If animals truly are capable of emotions we normally consider characteristically human, he argued, they should no longer be treated as mere objects, or property, but instead be given some of the rights we associate with personhood—namely, a respect for their preferences and well-being that would lead to the abolition of things like puppy mills and dog racing. There’s obviously a long way to go—both in terms of scientific evidence and policy changes—before dogs are treated anything like people.

But Berns cites a recent Supreme Court decision that invoked neuroscientific evidence (specifically, the finding that the juvenile brain is less developed than a mature adult’s, and thus should not be subject to the same punishments) as an indication that our laws will inevitably follow the science. The next step, then, is for he and his colleagues to keep peering into the minds of dogs, finding out how deeply the mental similarities truly go.

Posted By: Joseph Stromberg — Biology,Mammals,Psychology

How To Keep Your Dog Happy

Bill Butler Park early in the morning. That's how Cheyenne likes it when Daddy has a day off and nowhere particular to be.
Not all dogs get the attention Cheyenne gets, not,all dogs live indoors either.
This guy lives in the yard of a crumbling house off an alley between Elizabeth street and Bill Butler Park. Cheyenne has the winning personality that wins over prisoners too. Not really but sometimes she deigns them with a friendly sniff through the bars of their captivity.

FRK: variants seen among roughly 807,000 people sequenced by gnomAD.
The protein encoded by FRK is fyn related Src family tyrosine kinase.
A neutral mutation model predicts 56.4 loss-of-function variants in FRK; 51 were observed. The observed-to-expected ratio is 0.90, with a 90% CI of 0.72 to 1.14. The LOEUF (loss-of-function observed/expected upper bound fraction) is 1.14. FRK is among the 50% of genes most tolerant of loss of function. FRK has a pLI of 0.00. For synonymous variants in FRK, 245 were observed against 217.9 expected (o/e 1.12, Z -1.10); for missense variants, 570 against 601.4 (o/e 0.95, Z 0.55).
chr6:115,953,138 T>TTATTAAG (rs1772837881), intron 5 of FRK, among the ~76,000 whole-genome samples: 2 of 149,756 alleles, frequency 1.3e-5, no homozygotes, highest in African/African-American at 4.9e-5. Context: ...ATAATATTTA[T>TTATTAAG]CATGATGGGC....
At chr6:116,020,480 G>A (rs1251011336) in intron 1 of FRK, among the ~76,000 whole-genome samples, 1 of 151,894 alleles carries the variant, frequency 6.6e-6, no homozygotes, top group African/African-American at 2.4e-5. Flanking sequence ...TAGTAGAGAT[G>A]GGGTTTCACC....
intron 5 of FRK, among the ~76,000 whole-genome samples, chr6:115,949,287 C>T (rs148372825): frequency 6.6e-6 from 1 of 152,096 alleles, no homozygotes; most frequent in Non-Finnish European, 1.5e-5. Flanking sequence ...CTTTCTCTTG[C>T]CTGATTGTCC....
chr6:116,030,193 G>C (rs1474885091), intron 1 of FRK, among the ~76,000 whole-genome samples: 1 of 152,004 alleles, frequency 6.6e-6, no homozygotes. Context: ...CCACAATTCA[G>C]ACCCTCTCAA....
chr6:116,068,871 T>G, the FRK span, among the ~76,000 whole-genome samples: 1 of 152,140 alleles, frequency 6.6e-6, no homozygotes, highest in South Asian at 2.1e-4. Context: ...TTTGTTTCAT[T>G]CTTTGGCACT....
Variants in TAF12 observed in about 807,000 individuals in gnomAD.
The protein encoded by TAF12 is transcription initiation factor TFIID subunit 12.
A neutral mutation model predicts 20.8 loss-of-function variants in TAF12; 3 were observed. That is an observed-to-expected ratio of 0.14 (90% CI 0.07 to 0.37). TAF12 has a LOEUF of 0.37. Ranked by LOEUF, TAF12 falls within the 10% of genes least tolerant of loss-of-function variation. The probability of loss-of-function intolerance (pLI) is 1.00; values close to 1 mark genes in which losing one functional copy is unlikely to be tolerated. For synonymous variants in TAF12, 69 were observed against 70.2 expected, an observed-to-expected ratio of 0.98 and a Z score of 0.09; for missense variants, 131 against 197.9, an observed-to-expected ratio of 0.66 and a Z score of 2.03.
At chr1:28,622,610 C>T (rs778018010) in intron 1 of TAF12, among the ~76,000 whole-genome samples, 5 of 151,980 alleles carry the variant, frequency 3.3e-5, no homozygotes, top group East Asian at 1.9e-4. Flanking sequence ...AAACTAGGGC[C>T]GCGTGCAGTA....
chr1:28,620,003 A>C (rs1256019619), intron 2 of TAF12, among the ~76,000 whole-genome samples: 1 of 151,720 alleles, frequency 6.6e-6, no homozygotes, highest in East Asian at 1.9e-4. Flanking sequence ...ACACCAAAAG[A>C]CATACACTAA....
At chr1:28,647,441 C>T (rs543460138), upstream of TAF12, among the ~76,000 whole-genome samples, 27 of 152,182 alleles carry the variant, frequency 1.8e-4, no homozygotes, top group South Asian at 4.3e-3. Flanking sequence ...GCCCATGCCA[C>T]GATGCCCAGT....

Checking out the cat food bowl and finding it empty. Had it been full I'd have engaged in a tug of war but my dog will not be denied food if she thinks she can get away with it. The vet gave her a check up and pronounced her in excellent health for her age, almost 13 I think. She has been showing some signs of limping but we increased the dose of the magic pill I can't spell (con droit something) and as usual Dr Edie was right and Cheyenne is walking like a puppy again.
It's bloody difficult to keep her slim with her constant pursuit of nourishment. Almost as grotesque as people who ride scooters and then park them like this, which is a big fat fail.
And when not meeting caged dogs or eating cat food one lies in a puddle for refreshment. Remember this is the Southernmost City and it's still hitting eighty five degrees daily in November.
The thing about walking Cheyenne is I get to see stuff and I get to ponder stuff so while I'm keeping her happy I am amusing myself. See the Eden House and therefore think of Goldie Hawn. Good movie.
I asked my wife where would she live if she had money enough to choose anywhere. She got lost in thought for quite a while and when I had forgotten about the question she asked if money was going to be an issue in her mythical new home. Not at all I said magisterially and she thought about it a bit more. So then I could travel anywhere I felt,like from my home she asked as though I had the power to actually make all this real. Sure I said. Well she said I think I'd stay right here. Your can see why.
Here's a Key West conundrum. We got as far as I was letting Cheyenne get from the car to prevent total exhaustion and we passed the Stock Island Produce shop which is located on Whitehead Street in Key West. Why it's called that I couldn't say. Do they grow produce for export from Stock Island?
I do enjoy walking my dog. What a dweeb.